Paula Reed, a teacher who survived the 1999 Columbine High School massacre in Colorado that killed 13 people, said that sadly it’s something one comes to accept.
“You just give up on the notion of ever feeling safe anywhere,” she said. “At first that feels scary, but then you get used to it. You realize that you never were safe, but you just didn’t know it.”
It’s a sentiment adopted by many of the Parkland students who called themselves the “mass shooting generation” after a gunman killed 17 people at their high school in Florida. As they turned tragedy into the March for Our Lives movement, those students emphasized that they lived in a world of school shooting exercises and a growing list of mass casualty events in the United States caused by gun violence.
The belief that another shooting is just around the corner is a notable change in American culture, however. When 13 people died in the shooting at Columbine High School in 1999, the reaction was very different.
“It was like an alien attack — they were completely taken by surprise,” said Dave Cullen, the author of the 2009 book “Columbine” who researched the massacre for more than a decade. “The kids in Parkland and many have grown up with this. They’re brought up in a world of drills and shootings. With Columbine it was like they discovered there really were monsters under the bed. I mean, how do you go to sleep again? It shook up their whole worldview.”
But Reed said she wasn’t surprised that contemporary American kids might feel resigned to a shooting at their school or in their community. They were brought up in a totally different era.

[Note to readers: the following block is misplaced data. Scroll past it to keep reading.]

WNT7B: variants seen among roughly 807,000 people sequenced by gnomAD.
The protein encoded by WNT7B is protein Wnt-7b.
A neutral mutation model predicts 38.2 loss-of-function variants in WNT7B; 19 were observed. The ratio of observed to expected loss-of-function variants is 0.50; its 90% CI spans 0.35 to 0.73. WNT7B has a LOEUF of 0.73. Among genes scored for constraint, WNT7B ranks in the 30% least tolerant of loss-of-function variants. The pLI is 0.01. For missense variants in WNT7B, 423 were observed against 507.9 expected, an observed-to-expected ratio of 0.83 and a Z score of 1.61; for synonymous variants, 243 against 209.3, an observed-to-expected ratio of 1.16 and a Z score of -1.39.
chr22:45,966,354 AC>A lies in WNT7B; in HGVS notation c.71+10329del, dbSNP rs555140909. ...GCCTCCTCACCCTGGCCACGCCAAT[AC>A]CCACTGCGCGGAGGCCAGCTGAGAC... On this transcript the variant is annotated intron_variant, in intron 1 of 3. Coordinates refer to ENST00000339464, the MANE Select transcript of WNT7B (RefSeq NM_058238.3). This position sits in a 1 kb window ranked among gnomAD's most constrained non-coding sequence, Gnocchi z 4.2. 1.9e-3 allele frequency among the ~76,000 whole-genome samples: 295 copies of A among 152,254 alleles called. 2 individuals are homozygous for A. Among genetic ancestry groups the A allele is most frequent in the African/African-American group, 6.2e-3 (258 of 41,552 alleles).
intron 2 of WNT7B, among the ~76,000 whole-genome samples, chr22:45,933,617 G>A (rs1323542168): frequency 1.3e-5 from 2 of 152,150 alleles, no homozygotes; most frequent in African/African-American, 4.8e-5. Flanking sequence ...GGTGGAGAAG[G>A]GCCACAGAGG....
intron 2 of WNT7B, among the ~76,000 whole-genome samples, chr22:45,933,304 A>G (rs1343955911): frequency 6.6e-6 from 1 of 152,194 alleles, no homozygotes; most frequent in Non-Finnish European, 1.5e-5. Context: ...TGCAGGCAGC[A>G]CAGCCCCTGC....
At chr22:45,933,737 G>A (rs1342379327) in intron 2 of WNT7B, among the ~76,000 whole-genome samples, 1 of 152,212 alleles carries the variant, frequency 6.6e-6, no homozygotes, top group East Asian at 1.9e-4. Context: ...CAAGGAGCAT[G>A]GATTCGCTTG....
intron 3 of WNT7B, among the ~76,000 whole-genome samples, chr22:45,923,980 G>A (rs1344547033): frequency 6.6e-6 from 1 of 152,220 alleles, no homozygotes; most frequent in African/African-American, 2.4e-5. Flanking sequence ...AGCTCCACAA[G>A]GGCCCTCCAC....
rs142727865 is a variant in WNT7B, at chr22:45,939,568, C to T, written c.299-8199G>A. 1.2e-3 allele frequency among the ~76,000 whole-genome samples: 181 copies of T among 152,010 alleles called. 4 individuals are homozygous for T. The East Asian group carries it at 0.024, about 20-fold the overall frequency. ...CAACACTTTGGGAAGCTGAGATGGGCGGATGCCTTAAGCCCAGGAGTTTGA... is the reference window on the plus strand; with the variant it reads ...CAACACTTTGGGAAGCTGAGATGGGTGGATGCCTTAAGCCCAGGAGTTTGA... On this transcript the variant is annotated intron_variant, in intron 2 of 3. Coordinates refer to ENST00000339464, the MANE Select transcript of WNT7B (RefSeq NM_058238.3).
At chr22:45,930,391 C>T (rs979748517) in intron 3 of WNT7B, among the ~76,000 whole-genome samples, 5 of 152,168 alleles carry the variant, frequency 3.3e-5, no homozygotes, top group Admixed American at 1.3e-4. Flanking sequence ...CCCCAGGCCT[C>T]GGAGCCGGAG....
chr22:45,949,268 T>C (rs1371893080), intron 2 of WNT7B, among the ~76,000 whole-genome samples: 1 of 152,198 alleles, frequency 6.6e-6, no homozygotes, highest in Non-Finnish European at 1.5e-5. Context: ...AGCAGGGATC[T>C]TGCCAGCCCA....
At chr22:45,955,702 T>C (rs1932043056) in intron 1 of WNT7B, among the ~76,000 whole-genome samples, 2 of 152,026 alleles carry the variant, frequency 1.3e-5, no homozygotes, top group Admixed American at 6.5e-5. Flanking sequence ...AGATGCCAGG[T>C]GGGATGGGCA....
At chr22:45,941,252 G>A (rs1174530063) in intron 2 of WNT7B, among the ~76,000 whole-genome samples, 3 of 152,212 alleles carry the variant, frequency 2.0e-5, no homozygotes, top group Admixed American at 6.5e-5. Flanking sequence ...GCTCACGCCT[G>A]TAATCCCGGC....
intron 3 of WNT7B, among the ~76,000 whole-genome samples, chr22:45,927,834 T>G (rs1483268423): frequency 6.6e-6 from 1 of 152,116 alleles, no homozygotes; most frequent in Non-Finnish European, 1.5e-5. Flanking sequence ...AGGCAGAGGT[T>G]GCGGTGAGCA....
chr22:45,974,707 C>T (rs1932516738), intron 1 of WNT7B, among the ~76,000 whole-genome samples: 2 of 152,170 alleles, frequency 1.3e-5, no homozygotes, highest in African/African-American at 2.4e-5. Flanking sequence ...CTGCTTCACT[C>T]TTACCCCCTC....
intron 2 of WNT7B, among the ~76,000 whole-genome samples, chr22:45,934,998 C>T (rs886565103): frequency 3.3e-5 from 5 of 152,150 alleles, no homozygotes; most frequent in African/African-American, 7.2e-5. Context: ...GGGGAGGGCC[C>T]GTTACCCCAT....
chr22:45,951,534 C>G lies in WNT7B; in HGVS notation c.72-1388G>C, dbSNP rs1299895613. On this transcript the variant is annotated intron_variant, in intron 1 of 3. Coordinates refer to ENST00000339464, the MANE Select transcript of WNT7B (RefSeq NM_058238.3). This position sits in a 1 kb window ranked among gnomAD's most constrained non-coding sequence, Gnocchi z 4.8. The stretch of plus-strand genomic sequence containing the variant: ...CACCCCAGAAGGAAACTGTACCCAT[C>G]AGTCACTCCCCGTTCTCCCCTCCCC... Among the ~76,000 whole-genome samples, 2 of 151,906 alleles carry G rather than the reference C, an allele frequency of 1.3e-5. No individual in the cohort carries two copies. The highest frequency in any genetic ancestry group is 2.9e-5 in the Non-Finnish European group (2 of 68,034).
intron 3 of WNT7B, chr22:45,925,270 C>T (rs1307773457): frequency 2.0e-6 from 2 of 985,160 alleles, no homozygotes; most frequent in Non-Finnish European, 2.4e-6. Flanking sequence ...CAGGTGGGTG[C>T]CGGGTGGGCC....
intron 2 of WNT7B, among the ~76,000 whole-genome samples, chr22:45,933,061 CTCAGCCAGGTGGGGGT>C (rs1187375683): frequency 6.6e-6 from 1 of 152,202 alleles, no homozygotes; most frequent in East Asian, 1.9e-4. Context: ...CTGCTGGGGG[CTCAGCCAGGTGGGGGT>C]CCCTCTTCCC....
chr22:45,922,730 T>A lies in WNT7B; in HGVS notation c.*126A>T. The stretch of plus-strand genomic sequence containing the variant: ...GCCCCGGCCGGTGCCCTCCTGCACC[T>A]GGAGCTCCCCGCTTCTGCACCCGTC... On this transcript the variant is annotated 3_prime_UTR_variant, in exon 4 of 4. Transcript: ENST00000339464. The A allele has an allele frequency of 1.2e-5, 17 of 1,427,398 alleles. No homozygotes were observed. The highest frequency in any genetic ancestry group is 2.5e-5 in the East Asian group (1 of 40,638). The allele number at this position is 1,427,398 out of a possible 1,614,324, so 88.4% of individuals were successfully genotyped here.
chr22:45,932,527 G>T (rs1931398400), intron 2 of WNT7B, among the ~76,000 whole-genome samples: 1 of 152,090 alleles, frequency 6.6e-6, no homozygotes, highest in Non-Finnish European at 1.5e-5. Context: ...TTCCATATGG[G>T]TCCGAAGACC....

“The sense of safety that I had [before Columbine] doesn’t exist for kids today,” she said. “How can they have it if [these shootings] happens all the time?”
For some in Texas, the memories of the trauma will get stuck in their minds, said Rauch, and that is what develops into post-traumatic stress disorder. That may also prove to be a problem for the survivors of Parkland and shootings throughout the United States.
“For kids that are already struggling this is going to make it harder,” Rauch said. “Those are people who are more likely to feel like they’re helpless because they’re seeing it happening again. That’s confirming a lot of the fears that they have. It’s also possible that some of the kids who were doing okay start backsliding because of this next school shooting.”
In the aftermath, survivors will need the help of mental health professionals to deal with the traumatic fallout that stems from this most recent shooting in Santa Fe. Experts said that many will feel immediately like Reed described, in constant fear for their safety.
Reed advised the students, teachers and staff of Santa Fe High School and Parkland to realize that “there’s the person you were before and the person you are after.” But she said there is an opportunity to move past the event.
“It takes years to get over,” said Reed, nearly two decades after Columbine. “So if you feel like you are still crazy three years from now, just know it won’t last forever. It lasts for a long time — longer than many people want to give you space for — but it is not forever. For me it really started to turn around after five years went by.”
“But it’s not forever,” she continued to emphasize. “I swear to you it’s not forever.”